Every year, people bemoan how early Christmas comes around in terms of advertising and high-street decorations. I’d be lying if I said I hadn’t breathed a quiet sigh upon seeing a twinkle of tinsel in a shop window before we had reached what I would consider the festive threshold. I’m far from the sort of too-cool dullard who’ll witheringly put down the most wonderful time of the year, but if Die Hard and that Coca-Cola advert haven’t been on television yet, I don’t wanna know.
It appears Cheap Trick didn’t get the memo, though, dropping a Yuletide album before Halloween. The seminal Illinoisans are no strangers to Christmasification, having reworked ‘Come On, Come On’ and their signature song ‘I Want You To Want Me’ into jingling, sleigh bell-adorned versions in the past. There are some pressing questions raised by the release of this record, though - why have they waited until their 44th anniversary to cash in on the holiday season? Why indeed have they dropped it so early? Why is it named twice? Could it possibly be as bad as Twisted Sister’s?
The album is by and large a covers collection, including some obvious choices from their glam forefathers, as well as some more leftfield numbers. There are also a few of their own offerings. ‘Merry Christmas Darlings’ - not related to The Carpenters song - is the first of these, and it’s irritatingly catchy. That’s not particularly surprising, though - Cheap Trick know more about hooks than Abu Hamza’s physiotherapist, but their ever-ebullient pop rock is well suited to festive party anthems. ‘I Wish It Could Be Christmas Every Day’ and ‘Merry Xmas Everybody’ don’t receive any remarkable makeover, but the pomp and stomp of Wizzard and Slade is one that Cheap Trick take to like a duck to water.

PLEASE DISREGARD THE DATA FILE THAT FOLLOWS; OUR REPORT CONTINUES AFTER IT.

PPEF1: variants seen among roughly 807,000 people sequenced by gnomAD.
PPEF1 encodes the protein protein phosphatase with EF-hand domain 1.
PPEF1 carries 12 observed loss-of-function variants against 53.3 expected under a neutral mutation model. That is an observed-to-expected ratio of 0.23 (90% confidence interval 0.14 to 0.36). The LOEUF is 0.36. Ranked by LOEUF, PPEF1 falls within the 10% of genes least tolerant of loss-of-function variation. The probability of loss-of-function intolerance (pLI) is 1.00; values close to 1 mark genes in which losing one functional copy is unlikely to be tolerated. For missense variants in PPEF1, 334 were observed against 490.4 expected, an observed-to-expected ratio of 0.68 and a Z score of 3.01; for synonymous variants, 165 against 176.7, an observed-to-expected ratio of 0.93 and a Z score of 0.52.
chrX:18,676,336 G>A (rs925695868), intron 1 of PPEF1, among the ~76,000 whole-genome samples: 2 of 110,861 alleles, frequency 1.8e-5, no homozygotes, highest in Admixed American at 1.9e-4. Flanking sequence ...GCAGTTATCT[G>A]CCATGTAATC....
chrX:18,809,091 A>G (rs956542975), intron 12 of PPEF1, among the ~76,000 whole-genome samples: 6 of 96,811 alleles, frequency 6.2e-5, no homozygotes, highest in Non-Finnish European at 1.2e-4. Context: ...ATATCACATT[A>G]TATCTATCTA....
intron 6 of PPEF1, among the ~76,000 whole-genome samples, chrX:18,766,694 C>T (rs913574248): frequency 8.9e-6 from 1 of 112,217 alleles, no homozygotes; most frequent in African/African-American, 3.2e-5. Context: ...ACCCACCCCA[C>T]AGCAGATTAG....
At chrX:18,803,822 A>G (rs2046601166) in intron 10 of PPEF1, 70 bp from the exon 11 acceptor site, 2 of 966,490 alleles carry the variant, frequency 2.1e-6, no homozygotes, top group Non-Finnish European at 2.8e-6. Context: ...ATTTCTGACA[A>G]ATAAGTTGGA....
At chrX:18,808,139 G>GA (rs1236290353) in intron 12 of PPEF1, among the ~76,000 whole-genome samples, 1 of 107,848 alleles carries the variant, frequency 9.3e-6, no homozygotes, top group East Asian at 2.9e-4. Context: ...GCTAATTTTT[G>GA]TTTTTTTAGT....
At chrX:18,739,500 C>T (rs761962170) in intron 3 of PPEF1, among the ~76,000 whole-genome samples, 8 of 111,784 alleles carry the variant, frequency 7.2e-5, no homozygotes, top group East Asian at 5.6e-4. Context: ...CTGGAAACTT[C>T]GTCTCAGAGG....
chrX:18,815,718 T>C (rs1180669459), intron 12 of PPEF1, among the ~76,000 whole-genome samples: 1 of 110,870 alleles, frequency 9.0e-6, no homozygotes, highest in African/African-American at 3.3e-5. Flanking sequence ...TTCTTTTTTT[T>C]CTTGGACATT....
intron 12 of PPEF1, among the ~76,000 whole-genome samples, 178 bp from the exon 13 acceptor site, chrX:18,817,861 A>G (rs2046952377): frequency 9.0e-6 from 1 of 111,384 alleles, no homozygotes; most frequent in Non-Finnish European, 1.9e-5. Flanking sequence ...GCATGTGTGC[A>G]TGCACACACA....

‘Silent Night’, however, they take to like a duck to a frozen pond. Singer Robin Zander’s pipes are still in tip-top shape in his bus-pass years, but there’s a disconcerting lack of tongues in cheeks as he croons the carol over discordant ambience and guitar feedback. The three men who comprise the band today should be wiser than this. A slow number on which they shine more brightly is blues standard ‘Please Come Home For Christmas’, which sees guitar-toting, living cartoon character Rick Nielsen gift us with some sultry licks. Things get slower still on the striking, self-penned carol, ‘Our Father Of Life’, largely helmed by an obligatory youthful choir; it’s nowhere near identifiable as Cheap Trick until it segues into the title track, a more up-tempo punk version in which the cherubic voices are substituted for Zander’s expectorative bark. Combined, it’s somewhat symbolic of a perfect British Christmas Day; a sedate afternoon of easy listening and feigning interest in the Queen’s speech that descends into a noisy, aggressive piss-up.
Christmas albums generally have a snowflake’s chance in hell of scoring favourably with critics. Condescending eyes are always going to roll at the very idea - it took a while for my cynicism to turn to cheer - but the band manage to offer something more surprising than your average cash-in. Be that as it may, this is just a novelty stocking filler compared to this year’s record proper, We’re All Alright! - next to that, here, Cheap Trick fall short of truly pulling a cracker.
6Andy McDonald's Score